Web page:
Posted in Statistics, University life with tags , , , , , , , , , , , on October 8, 2012 by xi'an

Måns Thulin released today an arXiv document on some decision-theoretic justifications for [running] Bayesian hypothesis testing through credible sets. His main point is that using the unnatural prior setting mass on a point-null hypothesis can be avoided by rejecting the null when the point-null value of the parameter does not belong to the credible interval and that this decision procedure can be validated through the use of special loss functions. While I stress to my students that point-null hypotheses are very unnatural and should be avoided at all cost, and also that constructing a confidence interval is not the same as designing a test—the former assess the precision in the estimation, while the later opposes two different and even incompatible models—, let us consider Måns’ arguments for their own sake.

The idea of the paper is that there exist loss functions for testing point-null hypotheses that lead to HPD, symmetric and one-sided intervals as acceptance regions, depending on the loss func. This was already found in Pereira & Stern (1999). The issue with these loss functions is that they involve the corresponding credible sets in their definition, hence are somehow tautological. For instance, when considering the HPD set and T(x) as the largest HPD set not containing the point-null value of the parameter, the corresponding loss function is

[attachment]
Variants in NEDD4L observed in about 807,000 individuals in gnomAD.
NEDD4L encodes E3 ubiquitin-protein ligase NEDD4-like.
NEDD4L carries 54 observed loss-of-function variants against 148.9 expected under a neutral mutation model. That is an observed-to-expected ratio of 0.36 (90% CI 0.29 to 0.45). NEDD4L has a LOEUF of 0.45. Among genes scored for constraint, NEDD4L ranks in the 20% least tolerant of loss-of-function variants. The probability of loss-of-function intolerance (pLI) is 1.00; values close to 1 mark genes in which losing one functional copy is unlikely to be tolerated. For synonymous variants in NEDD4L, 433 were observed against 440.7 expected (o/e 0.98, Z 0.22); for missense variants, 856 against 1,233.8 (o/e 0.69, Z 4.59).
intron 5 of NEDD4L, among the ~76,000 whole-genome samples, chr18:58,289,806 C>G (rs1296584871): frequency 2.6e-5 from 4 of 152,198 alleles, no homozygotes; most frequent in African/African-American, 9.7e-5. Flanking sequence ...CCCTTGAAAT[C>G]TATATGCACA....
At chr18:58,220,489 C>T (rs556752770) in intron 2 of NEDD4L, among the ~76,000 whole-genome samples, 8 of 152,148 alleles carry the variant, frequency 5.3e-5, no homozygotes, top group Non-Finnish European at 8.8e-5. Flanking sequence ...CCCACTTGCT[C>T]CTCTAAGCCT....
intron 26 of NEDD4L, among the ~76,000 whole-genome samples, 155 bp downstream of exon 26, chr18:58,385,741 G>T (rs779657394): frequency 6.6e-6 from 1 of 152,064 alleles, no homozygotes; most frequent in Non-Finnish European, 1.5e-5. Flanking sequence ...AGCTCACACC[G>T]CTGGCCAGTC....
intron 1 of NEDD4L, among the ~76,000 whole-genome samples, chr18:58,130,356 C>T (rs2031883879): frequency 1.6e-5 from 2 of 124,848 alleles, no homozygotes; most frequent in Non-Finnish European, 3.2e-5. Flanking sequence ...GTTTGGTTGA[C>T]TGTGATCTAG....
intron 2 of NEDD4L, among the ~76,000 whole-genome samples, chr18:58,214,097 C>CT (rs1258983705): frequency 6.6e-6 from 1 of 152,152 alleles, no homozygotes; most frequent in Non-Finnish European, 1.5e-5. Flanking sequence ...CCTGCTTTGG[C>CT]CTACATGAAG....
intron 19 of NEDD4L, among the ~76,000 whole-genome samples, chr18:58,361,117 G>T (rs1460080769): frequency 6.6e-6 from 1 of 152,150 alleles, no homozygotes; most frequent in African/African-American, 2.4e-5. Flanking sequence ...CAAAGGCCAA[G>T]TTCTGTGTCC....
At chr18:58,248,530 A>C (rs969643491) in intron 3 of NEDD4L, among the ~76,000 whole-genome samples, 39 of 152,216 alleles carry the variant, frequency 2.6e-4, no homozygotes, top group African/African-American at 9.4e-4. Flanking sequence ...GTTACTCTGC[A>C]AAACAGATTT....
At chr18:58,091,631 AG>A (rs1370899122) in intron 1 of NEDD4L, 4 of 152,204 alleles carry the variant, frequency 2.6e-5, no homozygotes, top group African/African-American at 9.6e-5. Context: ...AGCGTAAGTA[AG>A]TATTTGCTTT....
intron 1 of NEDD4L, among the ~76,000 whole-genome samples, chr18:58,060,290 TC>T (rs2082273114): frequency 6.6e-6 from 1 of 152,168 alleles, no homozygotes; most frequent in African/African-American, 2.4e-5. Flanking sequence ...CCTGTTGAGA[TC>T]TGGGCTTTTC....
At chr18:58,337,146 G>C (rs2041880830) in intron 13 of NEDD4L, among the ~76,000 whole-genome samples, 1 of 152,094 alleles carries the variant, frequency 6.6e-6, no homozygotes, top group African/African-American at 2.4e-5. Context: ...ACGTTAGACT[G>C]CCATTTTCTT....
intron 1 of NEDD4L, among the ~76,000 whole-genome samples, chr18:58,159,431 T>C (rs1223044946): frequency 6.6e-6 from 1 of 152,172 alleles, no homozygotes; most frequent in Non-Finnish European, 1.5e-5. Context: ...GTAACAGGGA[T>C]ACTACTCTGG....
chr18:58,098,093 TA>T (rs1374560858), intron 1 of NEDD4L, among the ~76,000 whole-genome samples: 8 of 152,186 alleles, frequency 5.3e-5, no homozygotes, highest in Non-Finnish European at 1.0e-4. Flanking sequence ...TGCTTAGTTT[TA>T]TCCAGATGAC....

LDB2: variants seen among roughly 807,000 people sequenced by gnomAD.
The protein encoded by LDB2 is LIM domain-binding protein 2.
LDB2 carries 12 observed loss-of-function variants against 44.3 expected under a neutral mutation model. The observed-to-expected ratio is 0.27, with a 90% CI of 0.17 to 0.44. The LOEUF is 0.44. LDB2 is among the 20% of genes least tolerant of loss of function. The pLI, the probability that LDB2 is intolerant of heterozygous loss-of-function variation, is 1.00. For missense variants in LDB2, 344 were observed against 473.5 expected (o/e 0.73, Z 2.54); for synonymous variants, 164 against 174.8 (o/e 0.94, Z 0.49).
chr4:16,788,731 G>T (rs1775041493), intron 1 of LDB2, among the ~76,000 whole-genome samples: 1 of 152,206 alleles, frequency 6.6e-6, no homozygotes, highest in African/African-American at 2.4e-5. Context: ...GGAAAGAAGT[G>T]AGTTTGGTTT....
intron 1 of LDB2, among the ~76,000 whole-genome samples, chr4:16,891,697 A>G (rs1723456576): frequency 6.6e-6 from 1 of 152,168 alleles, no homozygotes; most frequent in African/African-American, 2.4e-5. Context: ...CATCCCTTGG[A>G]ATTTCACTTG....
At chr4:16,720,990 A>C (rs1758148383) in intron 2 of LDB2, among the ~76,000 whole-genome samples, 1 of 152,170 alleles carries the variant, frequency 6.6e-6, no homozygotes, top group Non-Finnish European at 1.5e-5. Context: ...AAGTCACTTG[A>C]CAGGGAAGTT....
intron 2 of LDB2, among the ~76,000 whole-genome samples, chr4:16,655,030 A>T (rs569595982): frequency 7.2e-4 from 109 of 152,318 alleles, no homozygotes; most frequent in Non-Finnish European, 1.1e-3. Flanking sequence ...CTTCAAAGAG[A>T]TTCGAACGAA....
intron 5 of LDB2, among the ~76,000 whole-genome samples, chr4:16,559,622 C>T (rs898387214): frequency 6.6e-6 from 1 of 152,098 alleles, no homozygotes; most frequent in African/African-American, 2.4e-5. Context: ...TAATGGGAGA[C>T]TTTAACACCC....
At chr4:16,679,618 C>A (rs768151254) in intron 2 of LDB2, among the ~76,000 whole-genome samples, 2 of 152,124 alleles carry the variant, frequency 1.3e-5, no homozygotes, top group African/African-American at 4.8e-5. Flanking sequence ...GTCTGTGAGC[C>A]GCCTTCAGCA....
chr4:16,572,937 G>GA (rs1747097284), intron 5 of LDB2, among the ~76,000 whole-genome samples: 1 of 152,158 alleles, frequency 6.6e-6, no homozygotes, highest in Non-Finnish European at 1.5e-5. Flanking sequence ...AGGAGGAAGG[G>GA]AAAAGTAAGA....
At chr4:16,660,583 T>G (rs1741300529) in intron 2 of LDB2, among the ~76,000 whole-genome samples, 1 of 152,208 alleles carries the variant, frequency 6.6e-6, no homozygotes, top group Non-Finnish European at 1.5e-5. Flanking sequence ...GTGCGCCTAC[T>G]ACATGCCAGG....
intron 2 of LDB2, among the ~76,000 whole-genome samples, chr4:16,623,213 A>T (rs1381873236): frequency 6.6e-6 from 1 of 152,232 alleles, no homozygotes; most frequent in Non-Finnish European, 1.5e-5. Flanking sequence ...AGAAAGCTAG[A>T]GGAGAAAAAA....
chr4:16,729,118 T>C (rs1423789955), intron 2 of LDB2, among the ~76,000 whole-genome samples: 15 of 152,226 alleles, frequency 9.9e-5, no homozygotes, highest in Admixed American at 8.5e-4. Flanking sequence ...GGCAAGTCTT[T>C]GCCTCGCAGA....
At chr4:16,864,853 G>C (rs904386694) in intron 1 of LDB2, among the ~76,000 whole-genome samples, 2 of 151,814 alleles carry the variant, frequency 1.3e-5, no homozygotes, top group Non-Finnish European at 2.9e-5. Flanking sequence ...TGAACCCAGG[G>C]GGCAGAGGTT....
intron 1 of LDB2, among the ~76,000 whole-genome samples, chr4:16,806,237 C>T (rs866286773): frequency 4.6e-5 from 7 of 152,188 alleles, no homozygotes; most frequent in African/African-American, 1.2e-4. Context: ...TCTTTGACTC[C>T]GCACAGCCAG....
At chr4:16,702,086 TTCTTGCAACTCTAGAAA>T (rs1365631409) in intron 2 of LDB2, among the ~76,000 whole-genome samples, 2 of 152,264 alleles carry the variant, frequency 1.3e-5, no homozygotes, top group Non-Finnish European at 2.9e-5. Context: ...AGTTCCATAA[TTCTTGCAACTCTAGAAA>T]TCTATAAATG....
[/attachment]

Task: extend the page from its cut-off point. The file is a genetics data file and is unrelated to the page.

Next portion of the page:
L(\theta,\varphi,x) = \begin{cases}a\mathbb{I}_{T(x)^c}(\theta) &\text{when }\varphi=0\\ b+c\mathbb{I}_{T(x)}(\theta) &\text{when }\varphi=1\end{cases}

parameterised by a,b,c. And depending on the HPD region.

Måns then introduces new loss functions that do not depend on x and still lead to either the symmetric or the one-sided credible intervals.as acceptance regions. However, one test actually has two different alternatives (Theorem 2), which makes it essentially a composition of two one-sided tests, while the other test returns the result to a one-sided test (Theorem 3), so even at this face-value level, I do not find the result that convincing. (For the one-sided test, George Casella and Roger Berger (1986) established links between Bayesian posterior probabilities and frequentist p-values.) Both Theorem 3 and the last result of the paper (Theorem 4) use a generic and set-free observation-free loss function (related to eqn. (5.2.1) in my book!, as quoted by the paper) but (and this is a big but) they only hold for prior distributions setting (prior) mass on both the null and the alternative. Otherwise, the solution is to always reject the hypothesis with the zero probability… This is actually an interesting argument on the why-are-credible-sets-unsuitable-for-testing debate, as it cannot bypass the introduction of a prior mass on Θ0!

Overall, I furthermore consider that a decision-theoretic approach to testing should encompass future steps rather than focussing on the reply to the (admittedly dumb) question is θ zero? Therefore, it must have both plan A and plan B at the ready, which means preparing (and using!) prior distributions under both hypotheses. Even on point-null hypotheses.

Now, after I wrote the above, I came upon a Stack Exchange page initiated by Måns last July. This is presumably not the first time a paper stems from Stack Exchange, but this is a fairly interesting outcome: thanks to the debate on his question, Måns managed to get a coherent manuscript written. Great! (In a sense, this reminded me of the polymath experiments of Terry Tao, Timothy Gower and others. Meaning that maybe most contributors could have become coauthors to the paper!)